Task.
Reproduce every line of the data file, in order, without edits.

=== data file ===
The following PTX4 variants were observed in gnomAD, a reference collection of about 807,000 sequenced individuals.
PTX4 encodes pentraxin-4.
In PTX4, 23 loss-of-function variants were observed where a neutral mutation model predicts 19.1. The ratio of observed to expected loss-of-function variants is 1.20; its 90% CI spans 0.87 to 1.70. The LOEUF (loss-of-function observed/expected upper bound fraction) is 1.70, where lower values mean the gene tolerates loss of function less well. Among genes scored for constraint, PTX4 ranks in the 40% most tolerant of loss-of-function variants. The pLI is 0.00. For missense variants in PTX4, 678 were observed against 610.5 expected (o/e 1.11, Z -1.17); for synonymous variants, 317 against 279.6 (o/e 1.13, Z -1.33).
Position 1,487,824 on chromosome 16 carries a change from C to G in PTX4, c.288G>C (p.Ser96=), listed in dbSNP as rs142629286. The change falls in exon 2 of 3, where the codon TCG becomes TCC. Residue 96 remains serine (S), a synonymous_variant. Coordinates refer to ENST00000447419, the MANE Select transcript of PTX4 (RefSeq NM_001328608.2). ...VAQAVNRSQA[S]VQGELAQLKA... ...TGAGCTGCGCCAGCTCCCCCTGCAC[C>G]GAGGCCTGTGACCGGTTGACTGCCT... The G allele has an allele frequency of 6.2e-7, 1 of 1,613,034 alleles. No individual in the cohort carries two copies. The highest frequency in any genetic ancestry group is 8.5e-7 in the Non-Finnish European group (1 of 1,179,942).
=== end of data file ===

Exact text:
The following PTX4 variants were observed in gnomAD, a reference collection of about 807,000 sequenced individuals.
PTX4 encodes pentraxin-4.
In PTX4, 23 loss-of-function variants were observed where a neutral mutation model predicts 19.1. The ratio of observed to expected loss-of-function variants is 1.20; its 90% CI spans 0.87 to 1.70. The LOEUF (loss-of-function observed/expected upper bound fraction) is 1.70, where lower values mean the gene tolerates loss of function less well. Among genes scored for constraint, PTX4 ranks in the 40% most tolerant of loss-of-function variants. The pLI is 0.00. For missense variants in PTX4, 678 were observed against 610.5 expected (o/e 1.11, Z -1.17); for synonymous variants, 317 against 279.6 (o/e 1.13, Z -1.33).
Position 1,487,824 on chromosome 16 carries a change from C to G in PTX4, c.288G>C (p.Ser96=), listed in dbSNP as rs142629286. The change falls in exon 2 of 3, where the codon TCG becomes TCC. Residue 96 remains serine (S), a synonymous_variant. Coordinates refer to ENST00000447419, the MANE Select transcript of PTX4 (RefSeq NM_001328608.2). ...VAQAVNRSQA[S]VQGELAQLKA... ...TGAGCTGCGCCAGCTCCCCCTGCAC[C>G]GAGGCCTGTGACCGGTTGACTGCCT... The G allele has an allele frequency of 6.2e-7, 1 of 1,613,034 alleles. No individual in the cohort carries two copies. The highest frequency in any genetic ancestry group is 8.5e-7 in the Non-Finnish European group (1 of 1,179,942).